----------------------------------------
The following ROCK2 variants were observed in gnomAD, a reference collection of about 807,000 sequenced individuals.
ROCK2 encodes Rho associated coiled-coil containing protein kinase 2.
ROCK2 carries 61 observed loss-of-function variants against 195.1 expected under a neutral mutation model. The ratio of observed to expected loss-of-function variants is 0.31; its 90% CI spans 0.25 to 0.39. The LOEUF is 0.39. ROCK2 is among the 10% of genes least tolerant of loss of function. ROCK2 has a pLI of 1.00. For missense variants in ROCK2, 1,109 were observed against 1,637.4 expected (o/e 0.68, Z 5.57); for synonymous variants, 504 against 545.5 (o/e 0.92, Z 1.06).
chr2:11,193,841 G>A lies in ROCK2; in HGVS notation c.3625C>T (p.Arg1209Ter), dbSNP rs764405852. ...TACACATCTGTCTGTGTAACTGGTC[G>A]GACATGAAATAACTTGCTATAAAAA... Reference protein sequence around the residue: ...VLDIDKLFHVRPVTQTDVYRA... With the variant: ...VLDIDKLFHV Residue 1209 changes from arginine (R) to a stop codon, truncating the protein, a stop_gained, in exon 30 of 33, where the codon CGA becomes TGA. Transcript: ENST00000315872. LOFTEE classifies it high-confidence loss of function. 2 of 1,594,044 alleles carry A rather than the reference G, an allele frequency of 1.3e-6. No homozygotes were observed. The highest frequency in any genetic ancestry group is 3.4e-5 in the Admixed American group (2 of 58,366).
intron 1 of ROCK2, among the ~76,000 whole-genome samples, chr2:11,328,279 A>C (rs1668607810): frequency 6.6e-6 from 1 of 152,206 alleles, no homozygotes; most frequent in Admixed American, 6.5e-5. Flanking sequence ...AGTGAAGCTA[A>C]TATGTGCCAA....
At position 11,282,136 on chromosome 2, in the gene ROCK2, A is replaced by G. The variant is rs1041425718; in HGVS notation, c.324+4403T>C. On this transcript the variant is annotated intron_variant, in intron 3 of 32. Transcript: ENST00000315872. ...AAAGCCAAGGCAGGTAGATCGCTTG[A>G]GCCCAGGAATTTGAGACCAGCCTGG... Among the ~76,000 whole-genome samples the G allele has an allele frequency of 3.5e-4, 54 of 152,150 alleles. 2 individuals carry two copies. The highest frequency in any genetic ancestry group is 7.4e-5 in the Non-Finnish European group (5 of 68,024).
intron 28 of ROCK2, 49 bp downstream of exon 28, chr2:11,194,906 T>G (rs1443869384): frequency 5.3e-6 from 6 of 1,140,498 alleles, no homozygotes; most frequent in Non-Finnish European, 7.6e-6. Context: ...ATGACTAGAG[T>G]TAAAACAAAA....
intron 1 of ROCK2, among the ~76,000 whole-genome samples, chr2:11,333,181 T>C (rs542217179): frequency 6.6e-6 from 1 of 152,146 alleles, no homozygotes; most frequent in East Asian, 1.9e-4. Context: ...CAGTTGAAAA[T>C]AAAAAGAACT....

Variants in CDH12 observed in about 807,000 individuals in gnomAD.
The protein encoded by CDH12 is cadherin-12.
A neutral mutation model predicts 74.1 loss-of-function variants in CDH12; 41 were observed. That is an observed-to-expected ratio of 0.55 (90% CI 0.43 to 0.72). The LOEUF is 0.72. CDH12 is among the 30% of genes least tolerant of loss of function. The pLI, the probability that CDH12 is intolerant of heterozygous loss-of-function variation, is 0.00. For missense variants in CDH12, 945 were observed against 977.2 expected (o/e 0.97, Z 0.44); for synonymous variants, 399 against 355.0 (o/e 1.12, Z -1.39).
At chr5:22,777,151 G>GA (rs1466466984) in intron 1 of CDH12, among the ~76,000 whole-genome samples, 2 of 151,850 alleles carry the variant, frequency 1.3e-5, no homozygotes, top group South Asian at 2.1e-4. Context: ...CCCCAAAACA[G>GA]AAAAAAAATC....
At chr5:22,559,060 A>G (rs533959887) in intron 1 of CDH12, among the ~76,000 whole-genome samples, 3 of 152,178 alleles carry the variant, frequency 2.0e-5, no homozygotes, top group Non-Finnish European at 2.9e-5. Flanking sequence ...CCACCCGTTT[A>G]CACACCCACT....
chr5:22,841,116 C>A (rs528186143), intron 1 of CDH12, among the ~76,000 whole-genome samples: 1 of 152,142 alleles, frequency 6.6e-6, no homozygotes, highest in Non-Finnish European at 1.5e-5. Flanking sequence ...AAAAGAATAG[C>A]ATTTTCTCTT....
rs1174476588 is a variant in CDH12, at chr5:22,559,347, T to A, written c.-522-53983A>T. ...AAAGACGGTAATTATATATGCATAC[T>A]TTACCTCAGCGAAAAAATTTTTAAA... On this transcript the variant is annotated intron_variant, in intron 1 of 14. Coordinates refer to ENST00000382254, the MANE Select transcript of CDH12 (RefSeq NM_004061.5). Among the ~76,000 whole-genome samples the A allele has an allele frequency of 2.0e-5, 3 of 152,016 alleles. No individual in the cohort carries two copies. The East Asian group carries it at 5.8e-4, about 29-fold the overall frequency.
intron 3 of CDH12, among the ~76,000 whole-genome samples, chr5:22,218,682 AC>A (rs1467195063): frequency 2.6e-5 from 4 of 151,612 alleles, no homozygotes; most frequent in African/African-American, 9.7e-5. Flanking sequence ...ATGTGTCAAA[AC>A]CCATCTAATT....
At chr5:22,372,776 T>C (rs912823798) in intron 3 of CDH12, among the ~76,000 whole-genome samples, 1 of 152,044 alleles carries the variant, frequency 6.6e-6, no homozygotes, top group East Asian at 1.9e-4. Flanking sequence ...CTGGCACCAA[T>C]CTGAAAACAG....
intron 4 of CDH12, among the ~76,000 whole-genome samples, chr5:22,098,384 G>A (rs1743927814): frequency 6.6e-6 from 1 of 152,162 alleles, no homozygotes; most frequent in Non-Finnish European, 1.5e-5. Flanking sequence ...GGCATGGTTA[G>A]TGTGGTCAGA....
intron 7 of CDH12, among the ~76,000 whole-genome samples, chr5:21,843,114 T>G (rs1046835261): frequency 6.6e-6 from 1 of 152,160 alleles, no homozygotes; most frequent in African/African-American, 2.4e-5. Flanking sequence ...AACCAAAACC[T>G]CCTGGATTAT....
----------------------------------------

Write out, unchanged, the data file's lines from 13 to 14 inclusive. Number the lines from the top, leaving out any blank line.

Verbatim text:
At chr5:22,559,060 A>G (rs533959887) in intron 1 of CDH12, among the ~76,000 whole-genome samples, 3 of 152,178 alleles carry the variant, frequency 2.0e-5, no homozygotes, top group Non-Finnish European at 2.9e-5. Flanking sequence ...CCACCCGTTT[A>G]CACACCCACT....
chr5:22,841,116 C>A (rs528186143), intron 1 of CDH12, among the ~76,000 whole-genome samples: 1 of 152,142 alleles, frequency 6.6e-6, no homozygotes, highest in Non-Finnish European at 1.5e-5. Flanking sequence ...AAAAGAATAG[C>A]ATTTTCTCTT....